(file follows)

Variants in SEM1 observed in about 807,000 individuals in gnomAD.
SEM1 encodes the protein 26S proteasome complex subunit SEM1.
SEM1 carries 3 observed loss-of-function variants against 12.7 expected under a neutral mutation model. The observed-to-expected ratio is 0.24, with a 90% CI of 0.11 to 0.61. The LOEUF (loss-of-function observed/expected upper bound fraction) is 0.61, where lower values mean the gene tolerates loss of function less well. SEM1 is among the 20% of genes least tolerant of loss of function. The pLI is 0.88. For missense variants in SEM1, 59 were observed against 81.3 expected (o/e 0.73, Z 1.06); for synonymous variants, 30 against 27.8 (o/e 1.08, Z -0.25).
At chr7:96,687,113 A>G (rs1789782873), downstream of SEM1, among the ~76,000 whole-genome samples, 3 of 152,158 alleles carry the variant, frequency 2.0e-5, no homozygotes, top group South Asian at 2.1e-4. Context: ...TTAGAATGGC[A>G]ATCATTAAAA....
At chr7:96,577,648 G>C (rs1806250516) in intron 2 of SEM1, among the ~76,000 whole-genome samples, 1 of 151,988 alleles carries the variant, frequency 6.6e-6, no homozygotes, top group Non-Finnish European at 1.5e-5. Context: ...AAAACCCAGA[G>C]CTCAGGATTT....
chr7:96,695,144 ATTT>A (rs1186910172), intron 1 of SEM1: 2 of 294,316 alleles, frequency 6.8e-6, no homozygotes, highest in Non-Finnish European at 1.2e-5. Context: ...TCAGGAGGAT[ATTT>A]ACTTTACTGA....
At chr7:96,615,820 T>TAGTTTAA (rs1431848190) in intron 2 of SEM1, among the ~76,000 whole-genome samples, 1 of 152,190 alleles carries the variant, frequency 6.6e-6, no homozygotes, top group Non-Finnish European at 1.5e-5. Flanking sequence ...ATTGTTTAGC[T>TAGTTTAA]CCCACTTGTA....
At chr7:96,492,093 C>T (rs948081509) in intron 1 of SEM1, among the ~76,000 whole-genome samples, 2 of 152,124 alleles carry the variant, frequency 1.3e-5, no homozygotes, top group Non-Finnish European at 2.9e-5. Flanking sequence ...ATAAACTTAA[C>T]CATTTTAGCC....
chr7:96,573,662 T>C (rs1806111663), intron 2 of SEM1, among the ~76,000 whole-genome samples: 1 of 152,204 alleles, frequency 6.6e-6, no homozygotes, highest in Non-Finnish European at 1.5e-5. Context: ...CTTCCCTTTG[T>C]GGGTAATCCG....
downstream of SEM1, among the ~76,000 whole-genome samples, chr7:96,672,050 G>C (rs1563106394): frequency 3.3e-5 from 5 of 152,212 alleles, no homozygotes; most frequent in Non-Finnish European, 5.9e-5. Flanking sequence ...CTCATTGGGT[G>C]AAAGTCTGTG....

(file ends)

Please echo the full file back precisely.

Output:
Variants in SEM1 observed in about 807,000 individuals in gnomAD.
SEM1 encodes the protein 26S proteasome complex subunit SEM1.
SEM1 carries 3 observed loss-of-function variants against 12.7 expected under a neutral mutation model. The observed-to-expected ratio is 0.24, with a 90% CI of 0.11 to 0.61. The LOEUF (loss-of-function observed/expected upper bound fraction) is 0.61, where lower values mean the gene tolerates loss of function less well. SEM1 is among the 20% of genes least tolerant of loss of function. The pLI is 0.88. For missense variants in SEM1, 59 were observed against 81.3 expected (o/e 0.73, Z 1.06); for synonymous variants, 30 against 27.8 (o/e 1.08, Z -0.25).
At chr7:96,687,113 A>G (rs1789782873), downstream of SEM1, among the ~76,000 whole-genome samples, 3 of 152,158 alleles carry the variant, frequency 2.0e-5, no homozygotes, top group South Asian at 2.1e-4. Context: ...TTAGAATGGC[A>G]ATCATTAAAA....
At chr7:96,577,648 G>C (rs1806250516) in intron 2 of SEM1, among the ~76,000 whole-genome samples, 1 of 151,988 alleles carries the variant, frequency 6.6e-6, no homozygotes, top group Non-Finnish European at 1.5e-5. Context: ...AAAACCCAGA[G>C]CTCAGGATTT....
chr7:96,695,144 ATTT>A (rs1186910172), intron 1 of SEM1: 2 of 294,316 alleles, frequency 6.8e-6, no homozygotes, highest in Non-Finnish European at 1.2e-5. Context: ...TCAGGAGGAT[ATTT>A]ACTTTACTGA....
At chr7:96,615,820 T>TAGTTTAA (rs1431848190) in intron 2 of SEM1, among the ~76,000 whole-genome samples, 1 of 152,190 alleles carries the variant, frequency 6.6e-6, no homozygotes, top group Non-Finnish European at 1.5e-5. Flanking sequence ...ATTGTTTAGC[T>TAGTTTAA]CCCACTTGTA....
At chr7:96,492,093 C>T (rs948081509) in intron 1 of SEM1, among the ~76,000 whole-genome samples, 2 of 152,124 alleles carry the variant, frequency 1.3e-5, no homozygotes, top group Non-Finnish European at 2.9e-5. Flanking sequence ...ATAAACTTAA[C>T]CATTTTAGCC....
chr7:96,573,662 T>C (rs1806111663), intron 2 of SEM1, among the ~76,000 whole-genome samples: 1 of 152,204 alleles, frequency 6.6e-6, no homozygotes, highest in Non-Finnish European at 1.5e-5. Context: ...CTTCCCTTTG[T>C]GGGTAATCCG....
downstream of SEM1, among the ~76,000 whole-genome samples, chr7:96,672,050 G>C (rs1563106394): frequency 3.3e-5 from 5 of 152,212 alleles, no homozygotes; most frequent in Non-Finnish European, 5.9e-5. Flanking sequence ...CTCATTGGGT[G>C]AAAGTCTGTG....